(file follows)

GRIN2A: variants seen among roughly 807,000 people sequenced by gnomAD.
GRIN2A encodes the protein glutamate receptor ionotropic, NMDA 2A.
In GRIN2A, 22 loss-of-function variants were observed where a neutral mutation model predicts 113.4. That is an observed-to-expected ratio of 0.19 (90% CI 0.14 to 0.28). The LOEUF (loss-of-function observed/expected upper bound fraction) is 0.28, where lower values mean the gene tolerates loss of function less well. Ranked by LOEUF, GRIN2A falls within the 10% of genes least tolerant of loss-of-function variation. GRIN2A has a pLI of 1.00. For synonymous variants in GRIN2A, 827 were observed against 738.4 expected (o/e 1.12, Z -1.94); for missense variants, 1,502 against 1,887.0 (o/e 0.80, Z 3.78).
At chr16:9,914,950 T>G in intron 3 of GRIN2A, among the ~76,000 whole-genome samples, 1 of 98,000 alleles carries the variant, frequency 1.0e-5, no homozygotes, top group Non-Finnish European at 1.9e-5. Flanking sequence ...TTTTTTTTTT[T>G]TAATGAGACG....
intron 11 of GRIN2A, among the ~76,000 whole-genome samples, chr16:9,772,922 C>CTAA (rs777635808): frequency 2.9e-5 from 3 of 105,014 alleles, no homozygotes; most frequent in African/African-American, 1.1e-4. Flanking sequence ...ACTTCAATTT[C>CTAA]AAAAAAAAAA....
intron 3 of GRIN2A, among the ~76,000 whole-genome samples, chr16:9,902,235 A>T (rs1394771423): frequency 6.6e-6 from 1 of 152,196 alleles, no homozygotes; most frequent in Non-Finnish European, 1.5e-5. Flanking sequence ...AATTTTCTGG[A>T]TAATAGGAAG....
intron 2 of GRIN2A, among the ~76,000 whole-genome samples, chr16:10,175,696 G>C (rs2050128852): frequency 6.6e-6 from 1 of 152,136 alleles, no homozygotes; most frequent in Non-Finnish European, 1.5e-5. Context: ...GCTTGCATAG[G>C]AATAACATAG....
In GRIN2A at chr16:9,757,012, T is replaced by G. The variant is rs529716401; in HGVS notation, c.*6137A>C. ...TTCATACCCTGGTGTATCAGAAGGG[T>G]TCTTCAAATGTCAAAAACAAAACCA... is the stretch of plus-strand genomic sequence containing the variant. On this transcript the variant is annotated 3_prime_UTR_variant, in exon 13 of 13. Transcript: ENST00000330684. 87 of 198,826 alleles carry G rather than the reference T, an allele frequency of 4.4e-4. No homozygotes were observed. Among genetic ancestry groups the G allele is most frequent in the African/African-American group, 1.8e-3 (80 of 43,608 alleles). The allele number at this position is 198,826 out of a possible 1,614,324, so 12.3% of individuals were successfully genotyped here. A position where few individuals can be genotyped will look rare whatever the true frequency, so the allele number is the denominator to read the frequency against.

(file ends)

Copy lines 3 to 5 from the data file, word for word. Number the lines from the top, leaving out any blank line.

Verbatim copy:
In GRIN2A, 22 loss-of-function variants were observed where a neutral mutation model predicts 113.4. That is an observed-to-expected ratio of 0.19 (90% CI 0.14 to 0.28). The LOEUF (loss-of-function observed/expected upper bound fraction) is 0.28, where lower values mean the gene tolerates loss of function less well. Ranked by LOEUF, GRIN2A falls within the 10% of genes least tolerant of loss-of-function variation. GRIN2A has a pLI of 1.00. For synonymous variants in GRIN2A, 827 were observed against 738.4 expected (o/e 1.12, Z -1.94); for missense variants, 1,502 against 1,887.0 (o/e 0.80, Z 3.78).
At chr16:9,914,950 T>G in intron 3 of GRIN2A, among the ~76,000 whole-genome samples, 1 of 98,000 alleles carries the variant, frequency 1.0e-5, no homozygotes, top group Non-Finnish European at 1.9e-5. Flanking sequence ...TTTTTTTTTT[T>G]TAATGAGACG....
intron 11 of GRIN2A, among the ~76,000 whole-genome samples, chr16:9,772,922 C>CTAA (rs777635808): frequency 2.9e-5 from 3 of 105,014 alleles, no homozygotes; most frequent in African/African-American, 1.1e-4. Flanking sequence ...ACTTCAATTT[C>CTAA]AAAAAAAAAA....